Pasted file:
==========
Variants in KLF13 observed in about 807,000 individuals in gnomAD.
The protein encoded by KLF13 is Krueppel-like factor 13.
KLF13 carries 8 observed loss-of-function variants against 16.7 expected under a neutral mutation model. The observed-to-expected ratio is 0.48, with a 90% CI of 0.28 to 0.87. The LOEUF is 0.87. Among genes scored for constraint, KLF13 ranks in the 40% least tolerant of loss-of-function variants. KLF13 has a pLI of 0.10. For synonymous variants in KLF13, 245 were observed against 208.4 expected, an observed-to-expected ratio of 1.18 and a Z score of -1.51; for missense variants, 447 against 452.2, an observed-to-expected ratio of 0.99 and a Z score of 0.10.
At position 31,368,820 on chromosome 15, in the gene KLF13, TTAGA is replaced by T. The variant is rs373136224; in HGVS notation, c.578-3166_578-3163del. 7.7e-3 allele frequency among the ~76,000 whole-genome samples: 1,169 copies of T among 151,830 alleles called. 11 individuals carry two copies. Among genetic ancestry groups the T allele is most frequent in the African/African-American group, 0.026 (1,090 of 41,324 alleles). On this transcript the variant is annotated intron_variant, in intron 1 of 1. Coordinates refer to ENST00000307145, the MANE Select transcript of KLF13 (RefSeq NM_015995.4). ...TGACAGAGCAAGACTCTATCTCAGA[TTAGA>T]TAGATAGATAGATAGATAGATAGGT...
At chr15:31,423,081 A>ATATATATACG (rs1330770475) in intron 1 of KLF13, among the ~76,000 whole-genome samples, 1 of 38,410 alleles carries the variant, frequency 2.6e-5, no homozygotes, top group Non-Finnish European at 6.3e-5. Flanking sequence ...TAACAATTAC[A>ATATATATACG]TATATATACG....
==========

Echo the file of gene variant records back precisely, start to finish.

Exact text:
Variants in KLF13 observed in about 807,000 individuals in gnomAD.
The protein encoded by KLF13 is Krueppel-like factor 13.
KLF13 carries 8 observed loss-of-function variants against 16.7 expected under a neutral mutation model. The observed-to-expected ratio is 0.48, with a 90% CI of 0.28 to 0.87. The LOEUF is 0.87. Among genes scored for constraint, KLF13 ranks in the 40% least tolerant of loss-of-function variants. KLF13 has a pLI of 0.10. For synonymous variants in KLF13, 245 were observed against 208.4 expected, an observed-to-expected ratio of 1.18 and a Z score of -1.51; for missense variants, 447 against 452.2, an observed-to-expected ratio of 0.99 and a Z score of 0.10.
At position 31,368,820 on chromosome 15, in the gene KLF13, TTAGA is replaced by T. The variant is rs373136224; in HGVS notation, c.578-3166_578-3163del. 7.7e-3 allele frequency among the ~76,000 whole-genome samples: 1,169 copies of T among 151,830 alleles called. 11 individuals carry two copies. Among genetic ancestry groups the T allele is most frequent in the African/African-American group, 0.026 (1,090 of 41,324 alleles). On this transcript the variant is annotated intron_variant, in intron 1 of 1. Coordinates refer to ENST00000307145, the MANE Select transcript of KLF13 (RefSeq NM_015995.4). ...TGACAGAGCAAGACTCTATCTCAGA[TTAGA>T]TAGATAGATAGATAGATAGATAGGT...
At chr15:31,423,081 A>ATATATATACG (rs1330770475) in intron 1 of KLF13, among the ~76,000 whole-genome samples, 1 of 38,410 alleles carries the variant, frequency 2.6e-5, no homozygotes, top group Non-Finnish European at 6.3e-5. Flanking sequence ...TAACAATTAC[A>ATATATATACG]TATATATACG....